“Mom, who’s your favorite person in this family?” she asked, batting her long lashes at me. After her siblings devolved into a killer argument about stolen Legos, she was feeling pretty confident about her odds for Favorite Kid.
Without pausing for a second, I declared, “Daddy. Daddy is my favorite.”
She gasped, horrified. “You love Daddy more than us?!?”
There’s no backing out now. Might as well double down, I thought. “Absolutely. No question about it. I love you all, tied for second place, but Daddy is definitely first. This whole thing started with him, and it’ll end with him, with a lovely 20-year interlude in the middle where you guys are with us.”
We are halfway through that 20-year interlude and rapidly losing steam, but I’m determined to hang on.
We’ve grown up together, this bearded middle-aged man and I. We met my first semester of college when I picked an argument with him over dinner and we’ve been arguing ever since, in the best of ways, mostly. We’ve sharpened and honed each other into semi-decent adults.
I love our motley crew, all grubby-handed and potty-mouthed, but their Daddy … Daddy is my favorite. We’ve processed our way through heartbreak and upheaval, theological changes and political shifts. Together we’ve built a family out of barrenness and across borders.
He drives me crazy with his strong opinions. Sometimes I want to hear only me talking. Me talking. My opinions are strong enough for the entire tri-county area. I want to make all the choices myself. I want to handle the kids and meet all of their needs. I want to decide everything all the time, because I am so right. I am righter than he is. Sharing power grates at my authoritarian soul. I want to scream, “I know best! Back off! You are the secondary parent and must bow before my ultimate authority!” But I don’t.
Because I need him every second of the day. I am right and know exactly what I’m doing except for all the times I don’t and he swoops in to catch me when I’m falling into despair and I go hide in the bathroom while he takes the wheel in the nick of time before everything goes splat.
When I worry that I don’t have any energy left after dinner and carpool and 57 dentist appointments for three people (one per tooth?), I hear him googling homework help while I scrape chicken bones into the trash.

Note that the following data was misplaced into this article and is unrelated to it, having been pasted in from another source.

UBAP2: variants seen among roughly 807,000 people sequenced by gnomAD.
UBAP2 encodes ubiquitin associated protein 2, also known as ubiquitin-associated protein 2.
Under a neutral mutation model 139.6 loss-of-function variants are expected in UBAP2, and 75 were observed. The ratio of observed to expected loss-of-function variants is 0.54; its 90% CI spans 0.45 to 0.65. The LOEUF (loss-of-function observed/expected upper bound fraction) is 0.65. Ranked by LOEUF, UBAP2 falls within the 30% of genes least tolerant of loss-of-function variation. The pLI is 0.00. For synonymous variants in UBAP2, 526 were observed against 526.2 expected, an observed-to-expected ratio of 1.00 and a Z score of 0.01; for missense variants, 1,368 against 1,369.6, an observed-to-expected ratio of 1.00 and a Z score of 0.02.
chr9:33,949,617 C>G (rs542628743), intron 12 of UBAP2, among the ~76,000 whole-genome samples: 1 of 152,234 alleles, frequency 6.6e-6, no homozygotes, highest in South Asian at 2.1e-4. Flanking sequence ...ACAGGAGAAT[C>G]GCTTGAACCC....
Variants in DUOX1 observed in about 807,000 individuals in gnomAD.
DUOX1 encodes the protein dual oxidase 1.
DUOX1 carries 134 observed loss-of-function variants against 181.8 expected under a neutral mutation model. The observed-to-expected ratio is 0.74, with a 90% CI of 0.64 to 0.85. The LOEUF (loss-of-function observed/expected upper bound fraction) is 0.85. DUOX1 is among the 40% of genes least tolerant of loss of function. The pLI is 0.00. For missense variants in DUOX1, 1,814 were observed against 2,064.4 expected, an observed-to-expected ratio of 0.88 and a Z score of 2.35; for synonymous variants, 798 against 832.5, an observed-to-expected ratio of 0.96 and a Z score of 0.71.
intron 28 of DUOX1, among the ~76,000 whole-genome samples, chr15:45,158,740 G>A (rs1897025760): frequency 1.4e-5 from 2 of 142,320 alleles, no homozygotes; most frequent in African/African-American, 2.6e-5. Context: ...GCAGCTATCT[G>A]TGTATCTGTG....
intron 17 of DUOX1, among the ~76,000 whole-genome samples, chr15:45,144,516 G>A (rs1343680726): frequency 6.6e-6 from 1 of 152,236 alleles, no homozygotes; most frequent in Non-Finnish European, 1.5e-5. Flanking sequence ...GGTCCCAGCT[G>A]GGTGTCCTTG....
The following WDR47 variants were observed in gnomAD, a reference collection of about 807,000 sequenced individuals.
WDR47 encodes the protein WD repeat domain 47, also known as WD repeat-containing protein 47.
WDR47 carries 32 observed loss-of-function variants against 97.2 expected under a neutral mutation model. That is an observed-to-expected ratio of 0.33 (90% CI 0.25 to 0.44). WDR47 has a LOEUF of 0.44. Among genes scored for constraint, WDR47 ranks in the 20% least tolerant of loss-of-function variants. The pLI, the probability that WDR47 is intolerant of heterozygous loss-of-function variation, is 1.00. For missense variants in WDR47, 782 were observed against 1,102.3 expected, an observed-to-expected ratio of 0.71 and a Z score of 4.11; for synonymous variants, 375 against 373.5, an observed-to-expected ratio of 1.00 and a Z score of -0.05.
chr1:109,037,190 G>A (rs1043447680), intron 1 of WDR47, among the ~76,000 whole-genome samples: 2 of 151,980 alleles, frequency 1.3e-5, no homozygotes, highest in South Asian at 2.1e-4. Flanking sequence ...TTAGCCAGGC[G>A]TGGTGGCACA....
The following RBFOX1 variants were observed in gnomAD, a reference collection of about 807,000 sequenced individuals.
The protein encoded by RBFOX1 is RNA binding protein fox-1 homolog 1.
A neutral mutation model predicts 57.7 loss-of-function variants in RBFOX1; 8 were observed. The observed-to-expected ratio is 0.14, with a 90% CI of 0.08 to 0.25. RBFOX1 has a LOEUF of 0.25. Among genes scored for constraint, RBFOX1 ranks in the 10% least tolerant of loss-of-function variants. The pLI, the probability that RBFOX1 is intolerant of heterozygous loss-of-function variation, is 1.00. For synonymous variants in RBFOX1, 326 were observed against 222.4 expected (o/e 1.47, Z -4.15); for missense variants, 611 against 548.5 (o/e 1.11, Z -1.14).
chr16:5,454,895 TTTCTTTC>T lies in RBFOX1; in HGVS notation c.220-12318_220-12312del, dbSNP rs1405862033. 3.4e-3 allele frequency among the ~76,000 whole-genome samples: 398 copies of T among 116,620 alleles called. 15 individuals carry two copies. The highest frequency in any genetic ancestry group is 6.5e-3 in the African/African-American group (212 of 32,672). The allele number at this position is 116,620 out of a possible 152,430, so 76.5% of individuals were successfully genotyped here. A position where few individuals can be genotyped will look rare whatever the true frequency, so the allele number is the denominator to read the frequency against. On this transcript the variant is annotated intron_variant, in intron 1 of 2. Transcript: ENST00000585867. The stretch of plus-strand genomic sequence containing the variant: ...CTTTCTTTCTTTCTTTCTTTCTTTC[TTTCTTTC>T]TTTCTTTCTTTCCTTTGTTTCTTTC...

In the midst of wanting things my way I’m grateful for forging a pathway to ours, to both, to us.
We listen and bend at night after the kids are finally shoved in their sheets, and I’m glad for the fact of him. I’m so glad for this co-parenting, co-habitating, co-opining man who teaches them everything from Playstation to chess. Our ways are different and we’re better for it. I’m grateful for his fathering.
But before he was father, he was my friend, my best friend, and he’s my favorite person in the whole world, even when I’m mad at him.
Marriage is incredibly difficult. Choosing to stay and work it out with the same person day after day, decade after decade. Sometimes I fantasize about running away. Just getting in my car and leaving because I don’t want to face my own issues any longer. Being around someone who knows me so completely, who sees through my bullshit so clearly … it’s exhausting being so known. Sometimes I long for a façade, to fool him into seeing me in a softer light. I want the stranger who is blissfully unaware of my most painful truths.
I want to run away, but where would I go? When your life has been entwined with someone else as long as mine has, all roads lead back to him, back to husband, back to friend, back to home.
When I try to run I run to him.
My daughter wrote me a note for Mother’s Day. She loves me because I make good food and bake brownies.
These are lies. My food is marginal and cooking it is one of my least favorite tasks, and she hates brownies. Yet this is how she sees me. Food maker. Need meeter. It’s enough for a seven-year-old.
Her daddy knows me better. He knows I’d rather be moving words around a page than potatoes around a pot. He doesn’t care about my cooking and wants to hear the ideas I have bubbling in my brain.
I love my kids, I value serving my kids, but Daddy is my favorite. He’s my favorite person to spend time with and a safe person to fail in front of.
On a Saturday morning while the kids eat donuts and watch cartoons, we French press coffee and sneak out to the back porch where he hung the twinkle lights for me and we snuggle in blankets and enjoy the quiet togetherness. Our kids smoosh their faces against the glass doors leading out to our getaway spot but we shake our heads and admonish them to go play, go figure it out, go somewhere, go away. This is our time, after a week of working on kids and careers.
I love them dearly, but Daddy is my favorite.
Photo by Emily Gnetz.